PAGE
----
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10 Iconic Chair Designs from the 1960s

Chair design in the 1960s continued to explore new materials, in particular plastic: Robin Day and Verner Panton were two keen proponents. Work from Danish design heavy hitters remained very much in evidence and Hans J. Wegner introduced two rather uncommon designs: The Oculus and Shell Chair. Pop art made an especial appearance: in Yrjö Kukkapuro’s Karuselli Lounge Chair and Verner Panton’s Classic Panton Chair.

CH468 The Oculus

Designed by Hans J. Wegner in 1960, The Oculus was not produced by Carl Hansen & Søn until 201o. This sculptural chair’s curved back forms an ‘eye’ in the upholstery, hence the name. Appearing top-heavy, the seat is supported by slender steel legs. The Oculus is a veritable statement piece: with a science fiction-like form, it is as though Wegner was crafting a 1960s vision of the future.

CH468 Oculus Chair. Image courtesy of Carl Hansen & Søn.
CH468 Oculus Chair. Image courtesy of Carl Hansen & Søn.
CH468 Oculus Chair. Image courtesy of Carl Hansen & Søn.
CH468 Oculus Chair. Image courtesy of Carl Hansen & Søn.

Eames Executive/Lobby Chair

In 1961, Charles & Ray Eames designed their padded leather executive seat for three “ultramodern” lobbies in New York’s Time-Life Building. Sumptuous, comfortable and shapely, the chair made a rather formidable design statement: it exuded power with poise and presence. Manufactured today by Herman Miller as the Executive Chair and by Vitra as the Lobby Chair, it remains the seat of choice for power-hungry executives, discerning creatives and design connoisseurs.

Eames Executive Chairs in a meeting area. Image © 2016 Herman Miller, Inc.
Eames Executive Chairs in a meeting area. Image © 2016 Herman Miller, Inc.
Eames Executive Chair
The Eames Executive Chair. Image © 2016 Herman Miller, Inc.
The Eames Executive Chair. Image © 2016 Herman Miller, Inc.
The Eames Executive Chair. Image © 2016 Herman Miller, Inc.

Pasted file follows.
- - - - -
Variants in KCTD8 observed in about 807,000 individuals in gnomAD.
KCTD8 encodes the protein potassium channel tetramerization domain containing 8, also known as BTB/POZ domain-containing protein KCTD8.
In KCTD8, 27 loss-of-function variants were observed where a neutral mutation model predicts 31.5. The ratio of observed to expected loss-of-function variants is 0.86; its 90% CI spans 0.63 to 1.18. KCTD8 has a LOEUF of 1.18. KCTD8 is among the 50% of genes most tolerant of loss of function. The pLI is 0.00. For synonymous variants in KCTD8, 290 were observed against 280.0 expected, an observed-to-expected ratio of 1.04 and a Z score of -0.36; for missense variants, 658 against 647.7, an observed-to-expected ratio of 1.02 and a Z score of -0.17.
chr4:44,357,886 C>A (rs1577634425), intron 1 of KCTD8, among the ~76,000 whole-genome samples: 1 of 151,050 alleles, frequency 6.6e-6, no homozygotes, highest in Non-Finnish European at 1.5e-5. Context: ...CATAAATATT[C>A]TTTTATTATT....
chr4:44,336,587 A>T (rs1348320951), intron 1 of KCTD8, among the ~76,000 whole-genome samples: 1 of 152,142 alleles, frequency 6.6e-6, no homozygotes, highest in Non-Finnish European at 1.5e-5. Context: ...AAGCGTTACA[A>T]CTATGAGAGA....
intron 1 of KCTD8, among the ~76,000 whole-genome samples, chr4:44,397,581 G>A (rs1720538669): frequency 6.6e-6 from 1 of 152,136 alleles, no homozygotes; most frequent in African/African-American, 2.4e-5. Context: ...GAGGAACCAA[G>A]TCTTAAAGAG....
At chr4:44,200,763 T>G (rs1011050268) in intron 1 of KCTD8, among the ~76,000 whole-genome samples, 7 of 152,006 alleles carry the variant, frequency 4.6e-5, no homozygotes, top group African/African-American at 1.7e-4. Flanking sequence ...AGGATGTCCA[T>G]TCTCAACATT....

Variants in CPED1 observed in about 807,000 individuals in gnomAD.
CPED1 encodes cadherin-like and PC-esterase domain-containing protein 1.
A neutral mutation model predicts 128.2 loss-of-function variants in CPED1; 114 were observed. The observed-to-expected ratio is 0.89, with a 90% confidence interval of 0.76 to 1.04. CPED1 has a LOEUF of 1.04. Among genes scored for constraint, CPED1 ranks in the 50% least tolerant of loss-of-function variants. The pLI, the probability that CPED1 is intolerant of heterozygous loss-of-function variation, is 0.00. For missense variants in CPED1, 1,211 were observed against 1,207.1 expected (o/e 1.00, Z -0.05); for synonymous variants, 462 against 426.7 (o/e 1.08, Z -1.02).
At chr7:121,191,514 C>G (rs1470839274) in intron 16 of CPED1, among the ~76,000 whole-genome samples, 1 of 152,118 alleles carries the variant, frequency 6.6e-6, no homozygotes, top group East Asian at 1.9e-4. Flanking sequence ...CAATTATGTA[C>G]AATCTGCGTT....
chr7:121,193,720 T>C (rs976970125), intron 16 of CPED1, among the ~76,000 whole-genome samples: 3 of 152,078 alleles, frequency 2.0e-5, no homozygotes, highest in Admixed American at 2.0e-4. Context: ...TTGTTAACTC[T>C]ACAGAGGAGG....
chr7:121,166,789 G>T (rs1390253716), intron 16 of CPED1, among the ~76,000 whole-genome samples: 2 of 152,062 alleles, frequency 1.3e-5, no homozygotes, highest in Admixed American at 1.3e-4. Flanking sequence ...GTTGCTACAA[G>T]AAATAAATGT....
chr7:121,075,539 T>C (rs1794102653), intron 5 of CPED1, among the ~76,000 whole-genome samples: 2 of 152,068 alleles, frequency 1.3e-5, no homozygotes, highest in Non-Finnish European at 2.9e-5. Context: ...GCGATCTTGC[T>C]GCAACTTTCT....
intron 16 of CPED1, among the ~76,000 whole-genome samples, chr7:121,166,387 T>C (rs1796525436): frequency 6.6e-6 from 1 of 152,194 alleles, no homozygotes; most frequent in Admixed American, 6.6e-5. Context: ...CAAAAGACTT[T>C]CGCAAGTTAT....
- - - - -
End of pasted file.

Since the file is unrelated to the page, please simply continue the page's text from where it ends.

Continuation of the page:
Crinolette Armchair

Designed by Finnish designer Ilmari Tapiovaara in 1962, the Crinolette Armchair for Artek is a solid birch spoke-style chair. Artek made 4,200 Crinolette Armchair’s between 1962 and 1968. Now back in production, the Crinolette’s elegant form meshes a one-time traditional style with midcentury flair.

Crinolette Armchair in lacquered white. Image courtesy of Artek.
Crinolette Armchair in lacquered white. Image courtesy of Artek.
Crinolette Armchair in lacquered sage green. Image courtesy of Artek.
Crinolette Armchair in lacquered sage green. Image courtesy of Artek.

620 Chair Programme

The 620 Chair Programme was designed by Dieter Rams for Vitsœ in 1962. Originally named the RZ 62, it was renamed the 620 Chair Programme in 1970. Combining straight, curved and convex elements with a soft leather or fabric upholstery, the 620 Chair Programme is a “kit of parts”: single chairs will join to form a sofa; high backs are interchangeable with low backs; a swivel base will replace casters or feet. The 620 was developed as a kind of “soft cubism”, meshing functional geometry with an organic disposition.

620 Chair Programme. Only the pig-nosed bolts reveal that this chair can become a sofa. Image © Vitsœ.
620 Chair Programme. Only the pig-nosed bolts reveal that this chair can become a sofa. Image © Vitsœ.
620 Chair Programme. A high-back chair on a swivel base. Image © Vitsœ.
620 Chair Programme. A high-back chair on swivel base. Image © Vitsœ.
A subtle combination of midnight-blue leather and black shell make up this high-back chair and footstool from the 620 Chair Programme. Image © Vitsœ.
620 Chair Programme. A subtle combination of midnight-blue leather and black shell make up this high-back chair and footstool from the 620 Chair Programme. Image © Vitsœ.

Polyside Chair

Designed and developed over three years by Robin Day and launched in 1963, the Polyside Chair for Hille enjoyed worldwide acclaim. Polypropylene was a relatively new material (invented in 1954) and proved to be a cost-efficient means of producing furniture. Following the success of the Polyside Chair, the Polypropylene Armchair was introduced to the market in 1967. A truly British design icon, in 2009 the Polyside Chair featured on a series of stamps celebrating British design classics. In 2015, working with the Robin and Lucienne Day Foundation, Hille relaunched the Polyside Chair and Armchair in their original colours. The Polyside Chair can be purchased for a mere £49 (€58), a bargain for a piece of design history.

Polyside Chair in dark grey. Image © John Lewis Partnership.
Polyside Chair in dark grey. Image © John Lewis Partnership.
Original Polypropylene Chairs and Polypropylene Armchairs. Image courtesy of Robin and Lucienne Day foundation.
Original Polypropylene Chairs and Polypropylene Armchairs. Image courtesy of Robin and Lucienne Day foundation.

CH07 Shell Chair